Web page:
Similarly, more than 80 percent of people who took the ‘Pay Gap Survey’ suggested they would prefer hiring IITians over non-IITians. As they reasoned it out on a perception about IITians being better skilled, diligent and dedicated at work and also who do not crack under pressure. They can easily stand up to solve complex problems whenever the situation demands.
69 percent of the respondent who participated in the survey felt that this pay gap is attributed this gap to the brand that IITs carry and feels that hiring an IITian is a reliable way to ensure that certain quality standards are met. JEE helps IITs maintain very strict quality standards with respect to incoming students. The success achieved by its alumni such as Vinod Khosla, Raghuram Rajan, and Sundar Pichai, etc. have further boosted the brand IIT.
Finding the needle
To have a better understanding of the pay gap between IITians and Non-IITians, we spoke to a few campus recruiter in both IITs and Non-IIT colleges. One of the recruiter, from a cloud computing software company based in the US who didn’t wish to be named, pointed out that the volume of companies visiting the IITs for campus placement is much higher than Non-IIT colleges. He metaphorical explains the recruitment process as in finding a needle in a haystack versus finding it in a matchbox. He adds,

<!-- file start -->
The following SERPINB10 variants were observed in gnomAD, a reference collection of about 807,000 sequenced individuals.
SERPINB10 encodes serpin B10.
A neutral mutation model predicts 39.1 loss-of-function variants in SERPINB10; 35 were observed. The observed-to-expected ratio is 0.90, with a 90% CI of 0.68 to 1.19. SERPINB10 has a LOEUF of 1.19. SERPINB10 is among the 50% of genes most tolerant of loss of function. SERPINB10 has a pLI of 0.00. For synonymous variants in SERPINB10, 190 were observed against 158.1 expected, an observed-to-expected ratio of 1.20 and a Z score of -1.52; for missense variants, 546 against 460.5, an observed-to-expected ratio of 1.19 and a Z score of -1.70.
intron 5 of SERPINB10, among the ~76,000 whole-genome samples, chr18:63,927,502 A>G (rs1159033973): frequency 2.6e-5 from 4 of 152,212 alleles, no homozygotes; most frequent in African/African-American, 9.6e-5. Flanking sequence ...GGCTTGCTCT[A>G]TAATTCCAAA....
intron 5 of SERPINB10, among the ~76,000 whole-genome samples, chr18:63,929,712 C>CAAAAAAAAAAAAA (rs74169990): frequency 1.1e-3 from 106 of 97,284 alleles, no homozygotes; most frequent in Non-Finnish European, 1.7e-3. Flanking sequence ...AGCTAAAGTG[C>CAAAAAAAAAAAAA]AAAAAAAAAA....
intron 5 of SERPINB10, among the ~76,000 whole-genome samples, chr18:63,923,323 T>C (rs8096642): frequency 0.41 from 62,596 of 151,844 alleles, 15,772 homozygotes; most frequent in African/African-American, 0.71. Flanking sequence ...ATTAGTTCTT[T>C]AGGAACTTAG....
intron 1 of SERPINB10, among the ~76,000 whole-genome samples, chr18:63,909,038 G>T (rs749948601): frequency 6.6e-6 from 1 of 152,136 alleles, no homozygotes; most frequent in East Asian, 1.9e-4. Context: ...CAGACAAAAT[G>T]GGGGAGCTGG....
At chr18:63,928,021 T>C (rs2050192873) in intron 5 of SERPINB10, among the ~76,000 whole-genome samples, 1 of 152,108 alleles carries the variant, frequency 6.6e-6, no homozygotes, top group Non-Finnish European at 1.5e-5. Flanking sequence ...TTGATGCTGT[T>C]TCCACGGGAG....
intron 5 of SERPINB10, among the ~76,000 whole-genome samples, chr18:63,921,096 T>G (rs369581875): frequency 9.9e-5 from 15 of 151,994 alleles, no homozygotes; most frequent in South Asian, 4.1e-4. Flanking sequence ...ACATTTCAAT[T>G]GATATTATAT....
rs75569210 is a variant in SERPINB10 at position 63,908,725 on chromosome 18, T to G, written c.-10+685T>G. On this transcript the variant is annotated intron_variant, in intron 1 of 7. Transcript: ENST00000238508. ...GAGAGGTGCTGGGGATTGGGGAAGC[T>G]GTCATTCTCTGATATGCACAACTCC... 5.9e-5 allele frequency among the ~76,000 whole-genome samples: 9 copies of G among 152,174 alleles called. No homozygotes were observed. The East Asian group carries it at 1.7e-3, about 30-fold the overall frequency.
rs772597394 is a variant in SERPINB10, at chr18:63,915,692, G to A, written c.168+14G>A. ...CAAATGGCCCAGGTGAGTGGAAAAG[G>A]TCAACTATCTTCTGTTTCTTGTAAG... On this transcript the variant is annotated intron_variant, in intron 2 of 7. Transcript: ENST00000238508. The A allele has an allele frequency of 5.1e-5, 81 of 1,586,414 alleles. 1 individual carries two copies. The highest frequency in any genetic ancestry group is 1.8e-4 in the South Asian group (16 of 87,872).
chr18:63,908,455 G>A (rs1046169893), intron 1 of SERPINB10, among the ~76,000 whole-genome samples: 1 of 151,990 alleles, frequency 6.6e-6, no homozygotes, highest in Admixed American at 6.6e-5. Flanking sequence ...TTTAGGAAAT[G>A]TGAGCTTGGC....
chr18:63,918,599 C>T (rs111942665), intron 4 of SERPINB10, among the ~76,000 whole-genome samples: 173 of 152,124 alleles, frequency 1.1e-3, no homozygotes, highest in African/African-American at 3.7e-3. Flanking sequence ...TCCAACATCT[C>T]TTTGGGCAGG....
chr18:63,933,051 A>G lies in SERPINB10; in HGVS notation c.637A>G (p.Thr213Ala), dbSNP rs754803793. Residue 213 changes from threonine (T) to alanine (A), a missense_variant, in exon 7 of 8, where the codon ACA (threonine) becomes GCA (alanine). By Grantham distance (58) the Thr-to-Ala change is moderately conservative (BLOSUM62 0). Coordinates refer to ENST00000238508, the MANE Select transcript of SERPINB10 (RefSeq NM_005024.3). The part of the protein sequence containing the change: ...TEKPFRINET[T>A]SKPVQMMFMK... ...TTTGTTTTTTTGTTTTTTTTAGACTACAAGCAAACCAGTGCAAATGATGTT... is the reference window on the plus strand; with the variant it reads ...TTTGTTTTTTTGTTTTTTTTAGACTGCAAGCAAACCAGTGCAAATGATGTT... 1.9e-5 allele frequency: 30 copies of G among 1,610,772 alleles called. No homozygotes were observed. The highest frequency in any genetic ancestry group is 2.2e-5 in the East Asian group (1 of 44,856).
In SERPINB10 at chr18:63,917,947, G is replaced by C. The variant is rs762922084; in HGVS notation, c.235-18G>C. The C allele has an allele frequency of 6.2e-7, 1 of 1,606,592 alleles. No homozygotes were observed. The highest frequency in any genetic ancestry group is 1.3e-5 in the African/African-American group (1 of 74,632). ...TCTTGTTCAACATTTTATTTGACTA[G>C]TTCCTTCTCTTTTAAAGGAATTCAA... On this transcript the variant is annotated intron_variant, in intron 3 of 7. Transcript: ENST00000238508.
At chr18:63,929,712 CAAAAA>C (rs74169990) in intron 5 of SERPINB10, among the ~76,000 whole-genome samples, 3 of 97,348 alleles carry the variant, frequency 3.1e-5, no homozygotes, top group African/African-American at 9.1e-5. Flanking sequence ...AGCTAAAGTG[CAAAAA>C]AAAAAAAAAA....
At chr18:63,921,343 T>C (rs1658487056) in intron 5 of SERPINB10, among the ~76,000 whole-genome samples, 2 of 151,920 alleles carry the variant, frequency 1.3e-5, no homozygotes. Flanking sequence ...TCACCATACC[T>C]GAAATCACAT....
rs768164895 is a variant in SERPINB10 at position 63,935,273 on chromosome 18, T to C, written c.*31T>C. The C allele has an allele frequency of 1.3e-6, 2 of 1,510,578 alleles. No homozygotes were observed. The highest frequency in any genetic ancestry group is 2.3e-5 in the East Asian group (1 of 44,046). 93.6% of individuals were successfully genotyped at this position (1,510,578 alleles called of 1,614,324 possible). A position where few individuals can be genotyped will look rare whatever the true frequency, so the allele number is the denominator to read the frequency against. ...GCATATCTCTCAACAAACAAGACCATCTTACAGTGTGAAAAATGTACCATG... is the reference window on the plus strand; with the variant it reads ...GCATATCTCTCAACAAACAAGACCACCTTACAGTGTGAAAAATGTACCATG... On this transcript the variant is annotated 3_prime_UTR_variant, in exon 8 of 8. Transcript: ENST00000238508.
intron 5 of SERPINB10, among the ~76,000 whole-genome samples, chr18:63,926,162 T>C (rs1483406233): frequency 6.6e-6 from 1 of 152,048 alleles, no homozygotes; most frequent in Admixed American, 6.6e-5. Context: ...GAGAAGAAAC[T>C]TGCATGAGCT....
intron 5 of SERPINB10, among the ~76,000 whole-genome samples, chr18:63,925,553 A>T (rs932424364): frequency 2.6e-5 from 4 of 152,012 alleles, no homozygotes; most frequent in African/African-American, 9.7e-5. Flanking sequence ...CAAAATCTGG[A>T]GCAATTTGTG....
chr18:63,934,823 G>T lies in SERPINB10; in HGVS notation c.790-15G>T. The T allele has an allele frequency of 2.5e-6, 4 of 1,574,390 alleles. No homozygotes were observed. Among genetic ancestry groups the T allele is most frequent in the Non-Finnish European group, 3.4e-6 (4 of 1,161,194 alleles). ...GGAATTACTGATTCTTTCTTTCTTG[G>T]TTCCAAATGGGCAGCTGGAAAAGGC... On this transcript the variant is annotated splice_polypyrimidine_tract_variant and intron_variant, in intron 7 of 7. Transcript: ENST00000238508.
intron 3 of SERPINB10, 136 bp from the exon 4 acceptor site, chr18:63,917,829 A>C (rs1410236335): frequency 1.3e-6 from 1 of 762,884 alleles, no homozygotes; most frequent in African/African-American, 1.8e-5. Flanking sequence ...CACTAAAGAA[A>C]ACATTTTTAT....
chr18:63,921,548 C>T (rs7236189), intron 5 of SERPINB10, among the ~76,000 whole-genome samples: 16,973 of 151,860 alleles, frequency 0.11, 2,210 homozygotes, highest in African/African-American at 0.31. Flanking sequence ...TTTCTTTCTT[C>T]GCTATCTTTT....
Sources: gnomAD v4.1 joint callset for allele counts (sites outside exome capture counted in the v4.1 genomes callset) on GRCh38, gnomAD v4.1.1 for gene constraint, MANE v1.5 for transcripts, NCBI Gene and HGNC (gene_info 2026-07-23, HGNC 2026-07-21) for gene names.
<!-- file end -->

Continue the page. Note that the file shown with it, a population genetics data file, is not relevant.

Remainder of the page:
“Every year we recruit 100 candidates from campus placements, in which 90 percent are from IITs and rest from NITs or Regional Engineering Colleges.”
The recruiter also spoke about lateral hiring for software engineers with 2-5 years of experience, where the procedure starts with a Hackathon. There are two types of Hackathon, one with only open to IITs and other for all. He says, “The number of candidates who apply in Hackathon from NITs or REC can be as high as 5000 and on another hand, the number of applications from IIT would not be more 1000. Therefore, filtering 10 candidates from 1000 is much easier than filtering from 5000 candidates. Therefore, the time and investment required for hiring an IITian are way lesser than Non-IIT.” Hence, the recruiter prefers to hiring IIT graduates.